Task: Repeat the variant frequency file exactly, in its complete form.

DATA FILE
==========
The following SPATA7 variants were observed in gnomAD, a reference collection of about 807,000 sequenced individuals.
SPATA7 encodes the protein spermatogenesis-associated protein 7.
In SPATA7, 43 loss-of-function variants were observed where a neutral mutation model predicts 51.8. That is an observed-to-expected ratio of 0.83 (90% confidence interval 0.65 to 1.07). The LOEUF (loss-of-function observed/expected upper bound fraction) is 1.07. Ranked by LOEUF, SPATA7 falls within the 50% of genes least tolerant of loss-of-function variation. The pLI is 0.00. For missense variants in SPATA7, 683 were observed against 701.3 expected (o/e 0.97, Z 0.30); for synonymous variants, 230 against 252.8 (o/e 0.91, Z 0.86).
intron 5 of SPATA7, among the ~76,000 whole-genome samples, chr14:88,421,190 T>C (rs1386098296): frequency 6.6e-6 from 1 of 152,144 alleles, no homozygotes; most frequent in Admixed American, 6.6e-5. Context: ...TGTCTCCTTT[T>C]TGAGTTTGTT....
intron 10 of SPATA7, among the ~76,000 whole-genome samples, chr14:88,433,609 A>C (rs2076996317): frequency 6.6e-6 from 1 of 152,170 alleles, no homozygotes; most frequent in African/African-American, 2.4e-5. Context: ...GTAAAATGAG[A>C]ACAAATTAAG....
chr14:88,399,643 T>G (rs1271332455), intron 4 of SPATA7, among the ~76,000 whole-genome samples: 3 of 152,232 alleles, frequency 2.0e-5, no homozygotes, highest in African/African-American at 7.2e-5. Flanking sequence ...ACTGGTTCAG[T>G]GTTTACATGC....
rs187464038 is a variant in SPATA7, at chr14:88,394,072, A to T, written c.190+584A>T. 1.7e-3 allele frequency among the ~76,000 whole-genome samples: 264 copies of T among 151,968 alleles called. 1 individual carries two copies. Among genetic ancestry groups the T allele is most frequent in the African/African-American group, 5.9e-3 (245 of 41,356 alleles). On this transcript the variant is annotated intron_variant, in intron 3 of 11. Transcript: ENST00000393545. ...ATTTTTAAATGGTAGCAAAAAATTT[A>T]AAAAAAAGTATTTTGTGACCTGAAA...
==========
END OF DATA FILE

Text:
The following SPATA7 variants were observed in gnomAD, a reference collection of about 807,000 sequenced individuals.
SPATA7 encodes the protein spermatogenesis-associated protein 7.
In SPATA7, 43 loss-of-function variants were observed where a neutral mutation model predicts 51.8. That is an observed-to-expected ratio of 0.83 (90% confidence interval 0.65 to 1.07). The LOEUF (loss-of-function observed/expected upper bound fraction) is 1.07. Ranked by LOEUF, SPATA7 falls within the 50% of genes least tolerant of loss-of-function variation. The pLI is 0.00. For missense variants in SPATA7, 683 were observed against 701.3 expected (o/e 0.97, Z 0.30); for synonymous variants, 230 against 252.8 (o/e 0.91, Z 0.86).
intron 5 of SPATA7, among the ~76,000 whole-genome samples, chr14:88,421,190 T>C (rs1386098296): frequency 6.6e-6 from 1 of 152,144 alleles, no homozygotes; most frequent in Admixed American, 6.6e-5. Context: ...TGTCTCCTTT[T>C]TGAGTTTGTT....
intron 10 of SPATA7, among the ~76,000 whole-genome samples, chr14:88,433,609 A>C (rs2076996317): frequency 6.6e-6 from 1 of 152,170 alleles, no homozygotes; most frequent in African/African-American, 2.4e-5. Context: ...GTAAAATGAG[A>C]ACAAATTAAG....
chr14:88,399,643 T>G (rs1271332455), intron 4 of SPATA7, among the ~76,000 whole-genome samples: 3 of 152,232 alleles, frequency 2.0e-5, no homozygotes, highest in African/African-American at 7.2e-5. Flanking sequence ...ACTGGTTCAG[T>G]GTTTACATGC....
rs187464038 is a variant in SPATA7, at chr14:88,394,072, A to T, written c.190+584A>T. 1.7e-3 allele frequency among the ~76,000 whole-genome samples: 264 copies of T among 151,968 alleles called. 1 individual carries two copies. Among genetic ancestry groups the T allele is most frequent in the African/African-American group, 5.9e-3 (245 of 41,356 alleles). On this transcript the variant is annotated intron_variant, in intron 3 of 11. Transcript: ENST00000393545. ...ATTTTTAAATGGTAGCAAAAAATTT[A>T]AAAAAAAGTATTTTGTGACCTGAAA...